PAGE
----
He says: ‘In all of my deployments, weÂ routinely saw this phenomenon.Â The higher up the food chain the targetedÂ individual was, the bigger aÂ pussy he was.’
He says leaders are less willing to fight andÂ that it was always theÂ young and impressionable who strapped on the explosivesÂ and blewÂ themselves up.
He writes: ‘Did he [Bin Laden]Â believeÂ his own message? Was he willingÂ to fight the war he asked for? I don’t thinkÂ so. Otherwise, he wouldÂ have at least gotten his gun and stood up for what heÂ believed.
‘There is no honour in sending people to dieÂ for something you won’t even fight for yourself.’
The Seals had now been in the compound for 30Â minutes and were reluctant to leave areas unsearched but had noÂ choice.
Owen says Bin Laden’s body was put into aÂ body bag. As many of the women and children as possible were herded into theÂ guesthouse to protectÂ them from the explosion when the Seals blew up theÂ crashed helicopter.
Owen’s group of Seals, which had Bin Laden’sÂ body, travelled on theÂ remaining Black Hawk which, as a smaller, moreÂ manoeuvrable aircraft,Â had less of a chance of being shot down than theÂ CH-47.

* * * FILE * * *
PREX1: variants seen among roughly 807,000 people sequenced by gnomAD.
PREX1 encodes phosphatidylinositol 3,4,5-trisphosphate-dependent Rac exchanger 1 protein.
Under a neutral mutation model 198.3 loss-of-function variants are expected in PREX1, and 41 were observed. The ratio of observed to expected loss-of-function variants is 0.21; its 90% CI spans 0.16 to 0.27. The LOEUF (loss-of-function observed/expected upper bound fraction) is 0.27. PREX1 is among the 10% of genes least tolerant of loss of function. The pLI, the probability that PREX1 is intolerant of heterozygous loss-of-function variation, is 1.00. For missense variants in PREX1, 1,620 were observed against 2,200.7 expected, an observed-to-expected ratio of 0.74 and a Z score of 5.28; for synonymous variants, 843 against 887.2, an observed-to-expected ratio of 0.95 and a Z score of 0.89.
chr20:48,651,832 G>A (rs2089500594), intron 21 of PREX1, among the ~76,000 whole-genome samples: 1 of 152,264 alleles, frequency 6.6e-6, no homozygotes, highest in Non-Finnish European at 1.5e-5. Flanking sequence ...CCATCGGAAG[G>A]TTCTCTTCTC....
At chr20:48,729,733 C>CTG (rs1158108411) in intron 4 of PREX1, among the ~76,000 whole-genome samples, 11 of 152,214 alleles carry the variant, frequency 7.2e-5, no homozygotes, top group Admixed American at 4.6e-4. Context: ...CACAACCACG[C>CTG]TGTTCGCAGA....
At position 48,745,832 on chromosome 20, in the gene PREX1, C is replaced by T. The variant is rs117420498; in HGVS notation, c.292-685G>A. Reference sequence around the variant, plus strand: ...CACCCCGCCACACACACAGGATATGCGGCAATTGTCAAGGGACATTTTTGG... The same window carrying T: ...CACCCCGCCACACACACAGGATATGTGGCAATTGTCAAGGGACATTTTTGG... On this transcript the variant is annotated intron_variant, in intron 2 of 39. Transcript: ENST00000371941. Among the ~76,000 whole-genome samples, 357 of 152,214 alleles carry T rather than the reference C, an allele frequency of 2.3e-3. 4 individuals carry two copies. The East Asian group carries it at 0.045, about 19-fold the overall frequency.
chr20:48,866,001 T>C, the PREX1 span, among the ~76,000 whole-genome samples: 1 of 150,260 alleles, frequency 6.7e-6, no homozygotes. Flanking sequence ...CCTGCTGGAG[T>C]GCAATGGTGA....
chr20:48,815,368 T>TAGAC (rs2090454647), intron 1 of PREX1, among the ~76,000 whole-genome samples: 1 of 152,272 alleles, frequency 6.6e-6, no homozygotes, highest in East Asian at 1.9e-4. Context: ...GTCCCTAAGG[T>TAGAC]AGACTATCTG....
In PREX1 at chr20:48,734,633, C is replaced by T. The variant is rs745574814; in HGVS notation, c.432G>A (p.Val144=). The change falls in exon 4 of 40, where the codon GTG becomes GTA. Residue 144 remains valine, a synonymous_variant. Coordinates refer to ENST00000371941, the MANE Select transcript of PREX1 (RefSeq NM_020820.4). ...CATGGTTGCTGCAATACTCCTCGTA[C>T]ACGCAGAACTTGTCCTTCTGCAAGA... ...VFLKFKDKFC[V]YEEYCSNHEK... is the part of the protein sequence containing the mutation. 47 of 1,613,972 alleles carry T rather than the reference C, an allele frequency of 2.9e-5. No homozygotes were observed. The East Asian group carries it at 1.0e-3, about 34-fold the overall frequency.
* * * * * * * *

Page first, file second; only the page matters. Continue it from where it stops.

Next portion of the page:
In the Black Hawk, one of the Seals had toÂ sit on Bin Laden’s body which lay at Owen’s feet in the centre of the cabin.
At one point during the flightÂ toÂ Afghanistan, he says, they searchedÂ the body again but found nothing and theÂ Seal returned to his seat onÂ BinÂ Laden’s chest.
Despite having the body at his feet, OwenÂ writes that he felt a sense of failure that the teams had left intelligenceÂ behind because they hadÂ run out of time.
Back at base in Jalalabad, the Seals loadedÂ the body on to the back of a truck. It was to be transported toÂ Bagram.
Admiral McRaven asked to see it. Owen says heÂ pulled the body bag from the truck.
‘It flopped on the cement floor like a deadÂ fish. Kneeling down,Â IÂ unzipped the bag. Almost allÂ of the colourÂ had faded from his face andÂ his skin looked ashyÂ and grey. The body wasÂ mushy and congealed bloodÂ had pooled at the bottom of the bag.
‘There’s your boy,’ I said.
Source: The Daily Mail